Best Tips for Osteoporosis Prevention and Management
The transition from a hectic life of 9 to 5 to a life of idyllic living is never an easy one, but retirement means a lot more than just having more time on your hands. It means you’re free to travel, visit old friends and pretty much do all the things that you’ve been “meaning to get to” all these years. It also means that the time has come to prepare for some of the things you never thought would affect you.
One of those things is osteoporosis.
However, osteoporosis doesn’t have to invoke images of frail bones and frequent fractures. In fact, a lot of seniors deal with it adequately with the help of preventive and restorative methods that include proper diet, supplements, lifestyle adjustments and treatment.
The first step in dealing with osteoporosis is to understand how it sets in. As the human body ages, its ability to maintain optimal bone density gradually declines. This often takes years to set in, but the condition may set in quickly for many – especially in the case of post-menopausal women.
The key factor in prevention is early diagnosis. While majority of cases aren’t reported or diagnosed during initial stages, the best way to deal with osteoporosis, is before it has caused a significant drop in bone density.
There are a number of ways in which the onset of osteoporosis can be dealt with effectively – and in several cases, even reversed.
There are several foods that effectively help fight osteoporosis when consumed as part of a regular diet plan. Milk and other dairy products are a rich source of calcium, but for the lactose intolerant, foods like broccoli and kale work well, too.
Most doctors will advise a calcium supplement of at least 1000 mg per day. For post-menopausal women, that figure may be increased to 1200 mg per day. In addition, a vitamin D dietary supplement is often recommended, which can come from sources such as salmon, and milk supplemented with vitamin D. Protein supplements may also be advised in addition to calcium and vitamin D, especially for those who have already experienced an osteoporotic fracture.
The hazards of smoking are well known for the most part, but not many people are aware that enhanced bone reduction is yet another effect of long-term smoking. Studies have shown that pack-a-day women smokers can lose up to 10 percent of bone density by the time they hit menopause. The positive impact of quitting cigarette-smoking, therefore, is obvious.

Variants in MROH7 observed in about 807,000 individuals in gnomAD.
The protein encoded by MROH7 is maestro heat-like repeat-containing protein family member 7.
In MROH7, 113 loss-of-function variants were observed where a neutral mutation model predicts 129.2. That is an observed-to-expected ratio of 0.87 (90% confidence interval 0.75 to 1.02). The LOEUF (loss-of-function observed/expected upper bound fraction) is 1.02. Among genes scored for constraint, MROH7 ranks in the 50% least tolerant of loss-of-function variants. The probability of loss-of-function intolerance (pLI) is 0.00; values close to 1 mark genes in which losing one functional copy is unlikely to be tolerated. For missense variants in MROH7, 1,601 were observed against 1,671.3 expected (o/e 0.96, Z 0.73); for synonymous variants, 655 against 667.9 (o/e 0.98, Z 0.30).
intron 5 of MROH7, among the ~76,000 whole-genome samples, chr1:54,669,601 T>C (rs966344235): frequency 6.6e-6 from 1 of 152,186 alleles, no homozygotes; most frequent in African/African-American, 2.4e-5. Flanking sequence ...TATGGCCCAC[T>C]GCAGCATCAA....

For those who have been diagnosed with osteoporosis, fall prevention is critical. This can be done in many ways:
- Removing loose rugs and cables out of the way
- Providing adequate lighting near entrance thresholds and stairwells
- Avoiding walking on slippery surfaces; slip-proof mats are ideal for bathrooms, for example
- Getting eye check-ups done regularly to ensure that vision is always optimal
In certain cases, medication may be advised. Such medication may include hormone therapy with Estrogen/Progestin, or a number of other options such as biphosphonates or Zoledronic Acid. The choices are many, and your doctor will be able to recommend the best course of action for your particular condition.
Osteoporosis is highly preventable and treatable. It does not have to affect the ability to live a normal life if dealt with appropriately. Aging itself is a normal process and, with the right treatment, osteoporosis never has to become a barrier to a healthy and happy lifestyle. The important thing to understand is that it is, for the most part, within your control. The right preventive methods, the right treatment methods and a few minor changes in daily habits can go a long way in contributing to your living your retirement just the way you want it.